Low-income children with access to health insurance are more likely to attend college and live longer than poor children without insurance, according to a groundbreaking new study published this month.
Making health care available to children born into low-income families also pays off, quite literally, in the long run, as the program has proven a boon for the federal government’s tax rolls.
Using IRS data, a team of Treasury Department analysts and a Yale economist tracked the lives of 14.6 million children born in the early 1980s until they reached age 28, in an attempt to measure how Medicaid eligibility at a young age affects outcomes later in life.
The effects of Medicaid access on the lives of children are stark, the study found. Not only do those children live longer than those in similar households, they are also more likely to attend college and to get jobs with higher wages than children without Medicaid.
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While it may not be a shock that access to health insurance can help people live longer, more productive lives, a fourth conclusion from the study is perhaps the most important: Children on Medicaid plans pay more into the system and take out less.
“We find that by expanding Medicaid to children,” wrote the study’s authors, “the government recoups much of its investment over time in the form of higher future tax payments. Moreover, children exposed to Medicaid collect less money from the government in the form of the Earned Income Tax Credit.”
These findings, though based on a decades-old change in policy, are still highly relevant today, as leaders in nearly half the states in the nation battle the expansion of Medicaid, for both children and adults, outlined by the Affordable Care Act.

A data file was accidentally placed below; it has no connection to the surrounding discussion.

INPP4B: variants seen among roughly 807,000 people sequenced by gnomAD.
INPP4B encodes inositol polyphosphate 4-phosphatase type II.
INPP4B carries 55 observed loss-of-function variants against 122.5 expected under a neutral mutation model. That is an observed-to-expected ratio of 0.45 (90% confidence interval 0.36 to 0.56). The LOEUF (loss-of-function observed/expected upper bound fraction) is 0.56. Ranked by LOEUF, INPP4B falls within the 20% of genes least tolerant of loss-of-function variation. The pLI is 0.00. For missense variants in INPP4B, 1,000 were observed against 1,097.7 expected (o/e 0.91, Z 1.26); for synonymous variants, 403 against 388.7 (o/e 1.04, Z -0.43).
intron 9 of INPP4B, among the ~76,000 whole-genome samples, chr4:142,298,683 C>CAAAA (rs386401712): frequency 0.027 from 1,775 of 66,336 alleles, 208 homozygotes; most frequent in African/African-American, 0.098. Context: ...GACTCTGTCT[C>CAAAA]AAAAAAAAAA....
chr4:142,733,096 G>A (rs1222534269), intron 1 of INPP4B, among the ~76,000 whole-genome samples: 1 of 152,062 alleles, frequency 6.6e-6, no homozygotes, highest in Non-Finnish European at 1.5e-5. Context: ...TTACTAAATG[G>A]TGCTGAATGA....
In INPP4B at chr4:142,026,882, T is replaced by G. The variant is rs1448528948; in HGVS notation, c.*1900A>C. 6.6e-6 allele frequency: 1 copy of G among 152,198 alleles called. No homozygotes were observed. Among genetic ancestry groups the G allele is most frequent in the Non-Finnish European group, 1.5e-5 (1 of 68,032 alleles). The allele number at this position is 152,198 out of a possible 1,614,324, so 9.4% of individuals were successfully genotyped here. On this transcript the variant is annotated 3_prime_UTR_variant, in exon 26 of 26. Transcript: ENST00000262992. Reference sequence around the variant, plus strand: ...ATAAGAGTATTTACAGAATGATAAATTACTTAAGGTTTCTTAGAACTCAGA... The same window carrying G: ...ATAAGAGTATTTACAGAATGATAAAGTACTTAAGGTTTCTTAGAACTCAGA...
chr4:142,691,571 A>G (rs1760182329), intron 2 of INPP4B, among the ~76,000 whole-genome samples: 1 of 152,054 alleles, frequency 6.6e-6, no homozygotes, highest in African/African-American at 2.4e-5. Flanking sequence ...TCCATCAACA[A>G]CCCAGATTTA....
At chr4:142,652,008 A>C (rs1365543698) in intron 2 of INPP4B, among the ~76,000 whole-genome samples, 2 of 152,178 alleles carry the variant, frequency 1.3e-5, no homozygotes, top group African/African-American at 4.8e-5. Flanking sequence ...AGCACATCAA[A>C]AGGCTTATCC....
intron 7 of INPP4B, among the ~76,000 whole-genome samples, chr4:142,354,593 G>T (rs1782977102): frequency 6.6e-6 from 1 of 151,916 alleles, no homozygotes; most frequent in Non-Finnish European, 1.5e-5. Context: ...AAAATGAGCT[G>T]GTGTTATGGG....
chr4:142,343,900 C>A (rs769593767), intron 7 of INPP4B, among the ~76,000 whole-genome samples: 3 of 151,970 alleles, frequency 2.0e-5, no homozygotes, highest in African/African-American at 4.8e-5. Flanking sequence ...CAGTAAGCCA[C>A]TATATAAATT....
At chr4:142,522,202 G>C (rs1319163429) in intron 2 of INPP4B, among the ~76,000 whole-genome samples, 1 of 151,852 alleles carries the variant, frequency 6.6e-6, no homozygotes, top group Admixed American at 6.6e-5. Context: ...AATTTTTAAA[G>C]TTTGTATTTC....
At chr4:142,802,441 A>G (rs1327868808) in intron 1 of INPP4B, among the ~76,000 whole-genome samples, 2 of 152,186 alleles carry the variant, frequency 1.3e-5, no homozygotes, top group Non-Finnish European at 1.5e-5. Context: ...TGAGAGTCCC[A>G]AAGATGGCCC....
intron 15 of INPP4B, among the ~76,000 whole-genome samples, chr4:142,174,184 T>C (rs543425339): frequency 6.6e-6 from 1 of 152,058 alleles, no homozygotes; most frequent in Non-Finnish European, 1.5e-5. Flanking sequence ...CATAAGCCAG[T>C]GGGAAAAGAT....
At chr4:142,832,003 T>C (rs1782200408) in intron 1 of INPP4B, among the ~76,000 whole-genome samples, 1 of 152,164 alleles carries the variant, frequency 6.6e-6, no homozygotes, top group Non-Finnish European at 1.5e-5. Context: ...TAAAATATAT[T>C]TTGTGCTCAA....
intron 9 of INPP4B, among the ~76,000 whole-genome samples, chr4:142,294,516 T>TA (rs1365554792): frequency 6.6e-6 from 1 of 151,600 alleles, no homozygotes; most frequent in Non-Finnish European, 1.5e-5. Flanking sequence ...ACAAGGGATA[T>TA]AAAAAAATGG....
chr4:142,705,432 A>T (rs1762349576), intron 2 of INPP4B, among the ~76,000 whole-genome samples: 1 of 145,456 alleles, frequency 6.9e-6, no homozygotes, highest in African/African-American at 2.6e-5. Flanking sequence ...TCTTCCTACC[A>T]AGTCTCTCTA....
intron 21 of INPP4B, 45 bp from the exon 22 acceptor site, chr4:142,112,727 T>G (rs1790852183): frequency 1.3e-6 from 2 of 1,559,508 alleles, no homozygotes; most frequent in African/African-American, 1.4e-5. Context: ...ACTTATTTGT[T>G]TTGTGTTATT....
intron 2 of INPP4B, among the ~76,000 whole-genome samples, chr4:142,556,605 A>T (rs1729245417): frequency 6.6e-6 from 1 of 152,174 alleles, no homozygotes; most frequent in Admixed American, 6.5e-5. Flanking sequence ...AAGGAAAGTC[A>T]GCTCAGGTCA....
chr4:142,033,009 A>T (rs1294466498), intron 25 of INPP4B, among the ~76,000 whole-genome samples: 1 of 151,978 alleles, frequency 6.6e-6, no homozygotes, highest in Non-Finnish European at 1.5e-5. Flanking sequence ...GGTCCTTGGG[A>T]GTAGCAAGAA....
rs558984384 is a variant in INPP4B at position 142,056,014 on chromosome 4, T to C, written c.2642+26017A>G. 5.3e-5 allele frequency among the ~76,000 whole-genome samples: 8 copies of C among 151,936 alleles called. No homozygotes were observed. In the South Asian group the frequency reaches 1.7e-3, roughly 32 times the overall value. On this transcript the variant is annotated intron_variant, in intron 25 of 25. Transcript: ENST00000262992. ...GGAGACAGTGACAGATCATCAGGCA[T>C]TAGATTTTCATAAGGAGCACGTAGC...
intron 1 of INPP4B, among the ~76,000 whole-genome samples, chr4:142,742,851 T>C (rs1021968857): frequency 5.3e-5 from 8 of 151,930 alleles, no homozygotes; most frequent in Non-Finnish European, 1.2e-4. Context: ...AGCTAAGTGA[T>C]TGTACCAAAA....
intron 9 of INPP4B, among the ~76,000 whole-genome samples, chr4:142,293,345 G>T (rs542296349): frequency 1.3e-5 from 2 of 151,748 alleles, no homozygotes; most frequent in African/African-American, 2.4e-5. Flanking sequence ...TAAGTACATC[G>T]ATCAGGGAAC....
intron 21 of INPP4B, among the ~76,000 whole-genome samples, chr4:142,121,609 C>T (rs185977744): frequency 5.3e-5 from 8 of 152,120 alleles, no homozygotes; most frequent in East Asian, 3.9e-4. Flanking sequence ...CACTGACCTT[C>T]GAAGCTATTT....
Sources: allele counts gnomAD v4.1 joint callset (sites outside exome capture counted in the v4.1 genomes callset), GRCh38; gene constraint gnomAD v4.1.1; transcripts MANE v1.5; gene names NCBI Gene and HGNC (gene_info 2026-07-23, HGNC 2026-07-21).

High on the list of arguments made against Medicaid expansion is one about cost; specifically, that increasing eligibility of the public insurance would strain state budgets.
“History has repeatedly shown that the costs of many government healthcare programs far exceed early projections,” Florida Republican Gov. Rick Scott wrote in 2012. “Medicaid expansion is bad for states because it would put a tremendous strain on state budgets and increase dependency on government programs.”
Scott, whose health-care company in the 1990s was charged with 14 felonies and fined $600 million for illegal Medicare billing practices, has since changed his opinion on Medicaid and started advocating for expansion.
Though Medicaid was created in 1965 as a way to help low-income people afford health insurance, it wasn’t until the 1980s and ’90s that significant reforms were made to the law to increase health insurance access for children. By 1996, nearly 21 percent of children in the United States were enrolled in Medicaid insurance plans.
The study published this month calls into question arguments like Scott’s by showing that not only do governments recoup a significant portion of the money spent on Medicaid, but low-income children with access to health insurance are also less likely to receive income tax credits.
“Although it will take years to know the long-term impact of current expansions of Medicaid undertaken as part of the Affordable Care Act,” Amanda Kowalski, the study’s co-author, said in a statement. “This study shows that the investments that the government made in Medicaid in the 1980s and 1990s are paying off in the form of higher tax payments now.”